I’m a ‘phase’ kind of person. I go through phases. Might be with food, or television or music or games, but I tend to slide into a certain something and do it to death, then move on to something totally different for a while before cycling back around again.
I doubt this is that unusual for creative people as a whole, but it’s a habit about myself that works well with or is perhaps the cause of, some of my world views.
I’m not religious. I’ve shown that pretty extensively, I think, especially in the last year so it will come as a surprise to no one that I do not believe anything in my life has happened by divine will.
But that doesn’t mean I don’t have a general feeling that there is some kind of guidance to life down here on planet Earth. Whether its some subconscious memetic imperative from the accumulated experience of my ancestors, the silent push of an unseen force, or just some inner strength to see the positive in anything that happens to me, things always seem to sort themselves out.
I have long believed that so long as you step forward, no matter how the small step, and keep trying, everything will work out if you live long enough to let it. It’s served me well thus far on a small and large scale.
This brings me to my rambling for today, and what the above has to do with anything.
My current ‘phase’ in background noise and television has cycled back around to archaeology, specifically in the form of Time Team, one of my absolute favorite British shows of all time.
I remember the show coming out in the 1990s, when I was just the right age to both understand it, and find it fascinating. I have since watched every episode to ever air, be it on the living room floor in Bracknell England as I grew up, all the way to today when I can watch it online and share it with some of my American chums and family.
For those who don’t know, Time Team was a great premise for a show. In a nation as rich with history as the British Isles (seriously, heave a brick, dig where it lands and you will find something), it made great sense to get the nation invested in caring about the past under our feet, and preserving it for the future as we continue to build on every square inch of land left untouched.
What Time Team did was reduce down the typical huge digs that happen on many sites to the bare bones of archaeology.
Three days, a likely site, a big team of trained experts and the cutting edge of technology, see what you can find and work out. Throw in a tv personality with historical background for good measure.
It was an absolute hit, as I recall it. With over 20 seasons of content not to mention specials, the success speaks for itself in both what was found, what it allowed UK’s heritage agencies to schedule and recover, and especially for the public interest it drummed up. It even saved some lives, for soldiers with PTSD.
I love the show, from it’s the format to having watched the developments over the years, and the snapshots into history it has given me. It’s wholesome, educational watching and I recommend it to anyone who has an interest in history.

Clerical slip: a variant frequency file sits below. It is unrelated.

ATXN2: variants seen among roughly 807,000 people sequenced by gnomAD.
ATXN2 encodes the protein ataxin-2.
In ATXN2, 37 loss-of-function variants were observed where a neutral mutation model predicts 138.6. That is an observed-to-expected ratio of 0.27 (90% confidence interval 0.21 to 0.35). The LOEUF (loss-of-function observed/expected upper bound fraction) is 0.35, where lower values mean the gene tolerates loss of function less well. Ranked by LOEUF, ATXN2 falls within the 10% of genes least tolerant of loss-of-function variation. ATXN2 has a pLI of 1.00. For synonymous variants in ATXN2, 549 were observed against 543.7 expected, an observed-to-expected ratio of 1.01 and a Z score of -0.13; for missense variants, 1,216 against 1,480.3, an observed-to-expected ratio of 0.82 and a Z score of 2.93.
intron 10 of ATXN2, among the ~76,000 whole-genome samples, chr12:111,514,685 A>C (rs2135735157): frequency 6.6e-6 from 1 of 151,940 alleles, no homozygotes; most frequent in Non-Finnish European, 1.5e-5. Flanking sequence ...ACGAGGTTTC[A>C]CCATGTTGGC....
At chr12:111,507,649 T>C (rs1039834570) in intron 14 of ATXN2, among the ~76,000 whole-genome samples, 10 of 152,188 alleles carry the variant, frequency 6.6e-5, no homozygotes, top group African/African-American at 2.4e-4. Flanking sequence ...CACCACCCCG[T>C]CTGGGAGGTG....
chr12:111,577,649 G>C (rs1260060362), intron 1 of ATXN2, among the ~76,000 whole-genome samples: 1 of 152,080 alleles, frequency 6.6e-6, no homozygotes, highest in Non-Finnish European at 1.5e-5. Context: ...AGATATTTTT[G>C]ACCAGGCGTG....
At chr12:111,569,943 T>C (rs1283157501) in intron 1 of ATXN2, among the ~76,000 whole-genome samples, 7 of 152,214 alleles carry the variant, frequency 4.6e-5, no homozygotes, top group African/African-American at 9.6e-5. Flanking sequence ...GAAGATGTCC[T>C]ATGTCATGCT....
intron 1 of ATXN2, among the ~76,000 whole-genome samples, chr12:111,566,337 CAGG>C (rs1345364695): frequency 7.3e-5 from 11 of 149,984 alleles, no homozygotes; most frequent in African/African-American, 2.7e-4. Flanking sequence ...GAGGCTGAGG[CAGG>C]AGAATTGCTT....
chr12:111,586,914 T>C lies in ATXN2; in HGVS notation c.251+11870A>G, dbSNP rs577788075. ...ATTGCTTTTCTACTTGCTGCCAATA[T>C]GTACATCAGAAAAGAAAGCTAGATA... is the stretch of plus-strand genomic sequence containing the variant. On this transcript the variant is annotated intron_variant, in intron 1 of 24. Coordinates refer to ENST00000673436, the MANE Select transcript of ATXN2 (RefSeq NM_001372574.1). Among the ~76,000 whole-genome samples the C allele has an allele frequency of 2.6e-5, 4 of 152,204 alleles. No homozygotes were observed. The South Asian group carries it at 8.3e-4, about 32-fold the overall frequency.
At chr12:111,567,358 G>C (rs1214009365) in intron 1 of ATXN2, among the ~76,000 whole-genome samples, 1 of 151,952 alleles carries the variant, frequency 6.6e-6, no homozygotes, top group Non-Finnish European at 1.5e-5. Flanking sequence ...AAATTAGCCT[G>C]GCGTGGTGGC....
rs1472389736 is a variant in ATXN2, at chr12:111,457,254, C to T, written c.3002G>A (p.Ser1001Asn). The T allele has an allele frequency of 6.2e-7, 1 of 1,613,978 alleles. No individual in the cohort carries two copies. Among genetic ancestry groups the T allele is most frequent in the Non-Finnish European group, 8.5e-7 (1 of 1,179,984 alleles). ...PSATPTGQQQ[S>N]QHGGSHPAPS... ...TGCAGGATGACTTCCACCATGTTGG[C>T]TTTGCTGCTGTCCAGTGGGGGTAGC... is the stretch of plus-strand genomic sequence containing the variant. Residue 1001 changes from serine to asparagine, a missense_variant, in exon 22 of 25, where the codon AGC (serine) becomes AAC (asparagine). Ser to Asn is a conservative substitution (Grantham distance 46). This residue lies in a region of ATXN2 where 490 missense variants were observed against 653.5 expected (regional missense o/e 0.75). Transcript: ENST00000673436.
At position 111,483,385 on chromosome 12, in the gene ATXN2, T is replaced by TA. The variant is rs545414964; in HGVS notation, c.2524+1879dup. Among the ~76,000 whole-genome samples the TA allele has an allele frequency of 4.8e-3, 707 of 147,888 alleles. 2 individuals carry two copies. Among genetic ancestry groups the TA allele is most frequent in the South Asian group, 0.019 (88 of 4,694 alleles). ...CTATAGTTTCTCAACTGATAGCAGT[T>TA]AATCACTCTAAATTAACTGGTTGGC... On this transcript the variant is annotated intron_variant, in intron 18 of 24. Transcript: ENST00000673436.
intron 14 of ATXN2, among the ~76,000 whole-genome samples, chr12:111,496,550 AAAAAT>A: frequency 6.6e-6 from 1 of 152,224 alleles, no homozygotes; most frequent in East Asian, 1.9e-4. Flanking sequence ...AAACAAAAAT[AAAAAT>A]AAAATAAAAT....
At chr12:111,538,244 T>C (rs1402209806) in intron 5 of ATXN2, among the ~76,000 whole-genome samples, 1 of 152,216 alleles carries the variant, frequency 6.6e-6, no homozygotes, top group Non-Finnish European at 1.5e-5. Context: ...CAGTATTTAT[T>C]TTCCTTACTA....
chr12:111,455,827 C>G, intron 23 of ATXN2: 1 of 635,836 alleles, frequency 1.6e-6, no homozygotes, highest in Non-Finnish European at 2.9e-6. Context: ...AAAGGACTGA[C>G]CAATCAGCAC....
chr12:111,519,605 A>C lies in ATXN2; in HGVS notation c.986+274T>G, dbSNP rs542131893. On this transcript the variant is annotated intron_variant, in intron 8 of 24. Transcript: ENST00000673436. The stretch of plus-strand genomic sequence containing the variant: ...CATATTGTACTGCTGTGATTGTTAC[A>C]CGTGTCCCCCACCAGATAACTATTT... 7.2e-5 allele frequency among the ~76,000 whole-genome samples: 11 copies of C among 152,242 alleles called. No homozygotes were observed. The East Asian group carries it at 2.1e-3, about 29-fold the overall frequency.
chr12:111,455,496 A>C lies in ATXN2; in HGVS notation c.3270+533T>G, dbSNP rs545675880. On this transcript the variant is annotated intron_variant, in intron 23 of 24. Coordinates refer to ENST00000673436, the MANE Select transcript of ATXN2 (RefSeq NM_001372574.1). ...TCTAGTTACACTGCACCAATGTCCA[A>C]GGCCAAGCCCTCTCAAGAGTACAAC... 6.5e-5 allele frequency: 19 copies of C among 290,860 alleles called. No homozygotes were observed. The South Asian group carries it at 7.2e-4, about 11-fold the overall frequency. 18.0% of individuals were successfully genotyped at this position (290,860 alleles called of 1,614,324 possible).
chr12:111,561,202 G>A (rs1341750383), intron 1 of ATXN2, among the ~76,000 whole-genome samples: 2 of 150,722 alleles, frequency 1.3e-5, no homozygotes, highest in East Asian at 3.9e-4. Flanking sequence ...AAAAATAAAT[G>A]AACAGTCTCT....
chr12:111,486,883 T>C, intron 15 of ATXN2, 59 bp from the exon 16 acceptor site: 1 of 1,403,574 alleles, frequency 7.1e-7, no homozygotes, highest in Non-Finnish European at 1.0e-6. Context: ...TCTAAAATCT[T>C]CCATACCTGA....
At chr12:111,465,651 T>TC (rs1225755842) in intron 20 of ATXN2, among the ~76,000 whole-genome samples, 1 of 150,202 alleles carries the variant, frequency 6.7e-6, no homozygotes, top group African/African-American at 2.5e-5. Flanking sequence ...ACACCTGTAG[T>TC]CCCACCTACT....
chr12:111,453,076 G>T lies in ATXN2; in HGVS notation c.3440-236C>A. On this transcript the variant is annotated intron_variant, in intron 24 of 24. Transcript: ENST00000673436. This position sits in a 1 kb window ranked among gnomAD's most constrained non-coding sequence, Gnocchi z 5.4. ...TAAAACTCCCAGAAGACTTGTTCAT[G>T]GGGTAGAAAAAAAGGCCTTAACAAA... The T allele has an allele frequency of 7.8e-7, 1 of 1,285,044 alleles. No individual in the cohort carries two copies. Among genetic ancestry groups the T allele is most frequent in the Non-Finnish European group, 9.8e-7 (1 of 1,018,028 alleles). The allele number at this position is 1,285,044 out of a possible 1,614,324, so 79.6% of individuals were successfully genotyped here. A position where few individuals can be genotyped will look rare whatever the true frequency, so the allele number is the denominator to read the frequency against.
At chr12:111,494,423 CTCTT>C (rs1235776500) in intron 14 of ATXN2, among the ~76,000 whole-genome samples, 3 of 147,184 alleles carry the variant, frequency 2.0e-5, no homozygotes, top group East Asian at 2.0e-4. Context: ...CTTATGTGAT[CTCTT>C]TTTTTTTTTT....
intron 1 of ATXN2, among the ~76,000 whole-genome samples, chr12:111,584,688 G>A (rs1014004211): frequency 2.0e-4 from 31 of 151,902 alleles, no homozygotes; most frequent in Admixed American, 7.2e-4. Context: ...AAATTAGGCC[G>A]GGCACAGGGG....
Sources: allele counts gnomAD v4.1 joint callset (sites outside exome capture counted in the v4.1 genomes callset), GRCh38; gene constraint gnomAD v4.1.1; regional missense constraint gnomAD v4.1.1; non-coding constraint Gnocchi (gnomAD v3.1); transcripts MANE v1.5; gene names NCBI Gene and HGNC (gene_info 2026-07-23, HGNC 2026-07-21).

It also, like so many things, feeds into my work.
I am currently deep in the process of mapping and describing every single country on Hevna for the Compendium. It’s a heck of a lot of work, as each country needs about four pages, but it’s been very very fulfilling, especially to think about what makes each country unique, why the people of each area identify as separate and different to their neighbors, or if they even do at all.
Some countries have lush jungle and exotic plants. Some have high industry and technology. Some have entirely unique systems of governance and class divide compared to the rest of the world. And some have unique architecture.
When it came to detailing the snowy country of Nofdur, I knew the north west would hark to Iceland in some ways, with its geothermal anomalies and vents, but I wanted something that truly stood out for the cold environment.
And it just so happened I was listening to a Time Team episode in Scotland, where the team was uncovering a unique facet of the Scottish past – a structure called a Broch.
An artists impression of a Broch in use.
Brochs are hollow walled stone towers from the iron age, which are incredible feats of engineering for the time period and technology level. They are sometimes also known as broughs, burgs, or borgs depending on your language and root words. They are also still very little understood.
The purpose of a broch and the status of the people who lived in it are topics archaeologists continue to debate, as well as the genealogy of the people who built them.
Regardless of the who, or why, however, there are some things that piqued my interest in making Hevnan brochs.
The two-walled build is a good insulator. Two or more floors assist with temperature regulation, especially if a fire is lit on the ground floor, or even the roof, to allow a convection current to start up. Such structures are also going to be relatively easy to see on the landscape, make a statement and potentially allow shelter of animals as well as people. They also look entirely unique compared to just about any other building I have ever seen.
All of this would help deal with the difficult climate in some parts of Nofdur, and give it a unique flavor, so I am of course going to dot Nofdur with brochs, still in use to this day. Something I would never have done if I were not rewatching an old tv show, at this specific moment in time. Thank you serendipity, or whatever eldritch force is helping me along!
Besides. I always like it when I can put something in my writing that someone, someday, might look up and learn something from.
The world is fascinating, and I will always take every opportunity to share things I find cool, in whatever way I can.
I strongly recommend googling brochs, as they are a much understated and unrecognized piece of awesome from the past!